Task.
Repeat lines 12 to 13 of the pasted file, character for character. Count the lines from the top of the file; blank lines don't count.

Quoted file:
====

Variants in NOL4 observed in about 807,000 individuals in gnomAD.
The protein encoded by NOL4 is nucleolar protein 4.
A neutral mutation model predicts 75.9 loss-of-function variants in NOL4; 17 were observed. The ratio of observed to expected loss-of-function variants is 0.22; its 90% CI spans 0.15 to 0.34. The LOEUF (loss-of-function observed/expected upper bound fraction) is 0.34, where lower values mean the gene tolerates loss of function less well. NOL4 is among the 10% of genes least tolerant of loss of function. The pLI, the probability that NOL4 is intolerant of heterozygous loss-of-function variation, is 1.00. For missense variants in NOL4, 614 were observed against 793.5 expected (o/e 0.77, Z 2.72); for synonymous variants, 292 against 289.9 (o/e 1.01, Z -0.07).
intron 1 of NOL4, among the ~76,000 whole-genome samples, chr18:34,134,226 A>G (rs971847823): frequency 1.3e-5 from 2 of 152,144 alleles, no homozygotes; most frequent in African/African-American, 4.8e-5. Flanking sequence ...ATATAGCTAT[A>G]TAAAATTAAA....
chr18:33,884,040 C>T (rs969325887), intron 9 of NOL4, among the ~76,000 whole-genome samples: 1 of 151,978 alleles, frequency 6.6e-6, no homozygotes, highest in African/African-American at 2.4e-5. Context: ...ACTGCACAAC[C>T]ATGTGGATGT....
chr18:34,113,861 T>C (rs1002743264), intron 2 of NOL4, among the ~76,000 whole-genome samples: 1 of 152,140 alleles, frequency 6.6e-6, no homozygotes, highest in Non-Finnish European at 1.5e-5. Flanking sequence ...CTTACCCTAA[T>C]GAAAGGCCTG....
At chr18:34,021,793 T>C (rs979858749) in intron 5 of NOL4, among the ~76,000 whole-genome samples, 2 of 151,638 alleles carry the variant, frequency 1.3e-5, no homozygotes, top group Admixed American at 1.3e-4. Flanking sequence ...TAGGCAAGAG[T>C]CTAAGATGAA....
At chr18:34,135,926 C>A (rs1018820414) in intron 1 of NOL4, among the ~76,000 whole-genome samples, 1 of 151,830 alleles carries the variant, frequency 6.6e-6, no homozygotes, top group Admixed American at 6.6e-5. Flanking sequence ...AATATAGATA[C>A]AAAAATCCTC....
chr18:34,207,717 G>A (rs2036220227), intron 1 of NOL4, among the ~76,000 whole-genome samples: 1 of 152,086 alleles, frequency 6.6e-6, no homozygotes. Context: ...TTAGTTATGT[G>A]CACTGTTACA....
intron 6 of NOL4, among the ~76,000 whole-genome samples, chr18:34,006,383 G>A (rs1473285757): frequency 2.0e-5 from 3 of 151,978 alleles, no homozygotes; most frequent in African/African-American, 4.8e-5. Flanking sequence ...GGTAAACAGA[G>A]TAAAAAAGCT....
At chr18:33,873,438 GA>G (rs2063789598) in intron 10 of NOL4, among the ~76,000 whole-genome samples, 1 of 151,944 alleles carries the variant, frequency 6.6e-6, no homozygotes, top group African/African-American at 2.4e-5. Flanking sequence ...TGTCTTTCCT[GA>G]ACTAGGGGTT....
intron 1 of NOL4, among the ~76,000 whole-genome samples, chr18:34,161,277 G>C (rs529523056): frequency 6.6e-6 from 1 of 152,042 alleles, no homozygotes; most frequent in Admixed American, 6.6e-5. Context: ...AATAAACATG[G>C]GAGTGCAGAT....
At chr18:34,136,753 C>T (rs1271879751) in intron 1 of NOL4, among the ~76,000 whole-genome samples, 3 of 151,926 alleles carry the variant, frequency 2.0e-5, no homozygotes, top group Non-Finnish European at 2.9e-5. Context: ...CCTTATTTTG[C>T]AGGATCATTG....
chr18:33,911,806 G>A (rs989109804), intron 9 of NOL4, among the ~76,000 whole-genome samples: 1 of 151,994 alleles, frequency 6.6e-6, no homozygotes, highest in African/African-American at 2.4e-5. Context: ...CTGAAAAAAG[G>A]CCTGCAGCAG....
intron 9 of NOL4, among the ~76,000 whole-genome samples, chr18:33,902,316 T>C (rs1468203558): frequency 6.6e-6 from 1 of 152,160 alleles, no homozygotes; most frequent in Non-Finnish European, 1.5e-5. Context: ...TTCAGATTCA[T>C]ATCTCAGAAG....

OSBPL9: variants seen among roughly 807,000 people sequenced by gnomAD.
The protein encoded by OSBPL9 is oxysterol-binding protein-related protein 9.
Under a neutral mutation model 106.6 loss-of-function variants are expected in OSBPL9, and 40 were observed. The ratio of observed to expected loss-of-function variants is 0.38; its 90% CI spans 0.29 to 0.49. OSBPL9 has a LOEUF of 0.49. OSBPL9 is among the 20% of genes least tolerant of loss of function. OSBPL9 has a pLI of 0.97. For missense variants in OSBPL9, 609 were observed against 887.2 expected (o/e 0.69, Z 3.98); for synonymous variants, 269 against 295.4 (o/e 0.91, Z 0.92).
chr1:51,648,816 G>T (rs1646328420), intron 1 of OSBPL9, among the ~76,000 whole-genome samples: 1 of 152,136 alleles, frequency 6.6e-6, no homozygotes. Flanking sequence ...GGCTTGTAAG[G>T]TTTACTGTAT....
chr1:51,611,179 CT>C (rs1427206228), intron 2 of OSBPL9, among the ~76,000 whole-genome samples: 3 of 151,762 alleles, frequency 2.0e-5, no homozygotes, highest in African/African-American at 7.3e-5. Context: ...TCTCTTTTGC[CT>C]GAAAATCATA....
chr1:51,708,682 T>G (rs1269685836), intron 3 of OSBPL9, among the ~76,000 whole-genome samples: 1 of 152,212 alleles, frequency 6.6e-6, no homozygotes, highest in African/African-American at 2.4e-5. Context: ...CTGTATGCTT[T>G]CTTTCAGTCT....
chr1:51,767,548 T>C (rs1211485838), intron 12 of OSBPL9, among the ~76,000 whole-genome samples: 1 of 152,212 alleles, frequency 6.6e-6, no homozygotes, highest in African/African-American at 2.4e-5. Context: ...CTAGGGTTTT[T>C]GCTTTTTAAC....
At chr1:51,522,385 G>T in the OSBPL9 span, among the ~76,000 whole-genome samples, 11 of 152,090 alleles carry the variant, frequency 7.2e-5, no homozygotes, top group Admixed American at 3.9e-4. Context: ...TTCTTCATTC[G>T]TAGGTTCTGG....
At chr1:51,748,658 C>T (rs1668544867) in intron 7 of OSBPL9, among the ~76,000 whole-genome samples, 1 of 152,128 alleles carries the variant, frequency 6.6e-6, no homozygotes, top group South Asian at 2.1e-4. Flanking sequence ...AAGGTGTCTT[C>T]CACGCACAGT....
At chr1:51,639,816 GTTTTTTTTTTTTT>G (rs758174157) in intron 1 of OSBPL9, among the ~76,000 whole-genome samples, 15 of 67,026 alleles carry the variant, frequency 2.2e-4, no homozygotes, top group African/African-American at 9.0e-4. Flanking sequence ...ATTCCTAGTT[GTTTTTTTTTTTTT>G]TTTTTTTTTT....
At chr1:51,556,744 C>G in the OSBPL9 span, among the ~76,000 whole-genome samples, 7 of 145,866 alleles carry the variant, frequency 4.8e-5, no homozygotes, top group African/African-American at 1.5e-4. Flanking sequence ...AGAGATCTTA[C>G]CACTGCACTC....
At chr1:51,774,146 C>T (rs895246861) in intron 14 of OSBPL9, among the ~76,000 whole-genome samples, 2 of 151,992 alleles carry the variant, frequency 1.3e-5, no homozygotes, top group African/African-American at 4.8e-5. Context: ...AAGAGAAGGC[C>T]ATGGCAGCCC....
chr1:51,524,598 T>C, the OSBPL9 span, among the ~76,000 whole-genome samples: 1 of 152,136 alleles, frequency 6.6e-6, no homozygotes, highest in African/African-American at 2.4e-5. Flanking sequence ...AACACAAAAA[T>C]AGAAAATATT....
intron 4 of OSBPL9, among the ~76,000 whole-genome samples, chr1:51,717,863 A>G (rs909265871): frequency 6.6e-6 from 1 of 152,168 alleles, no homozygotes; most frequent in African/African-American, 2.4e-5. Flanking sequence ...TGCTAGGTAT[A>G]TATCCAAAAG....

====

intron 1 of NOL4, among the ~76,000 whole-genome samples, chr18:34,161,277 G>C (rs529523056): frequency 6.6e-6 from 1 of 152,042 alleles, no homozygotes; most frequent in Admixed American, 6.6e-5. Context: ...AATAAACATG[G>C]GAGTGCAGAT....
At chr18:34,136,753 C>T (rs1271879751) in intron 1 of NOL4, among the ~76,000 whole-genome samples, 3 of 151,926 alleles carry the variant, frequency 2.0e-5, no homozygotes, top group Non-Finnish European at 2.9e-5. Context: ...CCTTATTTTG[C>T]AGGATCATTG....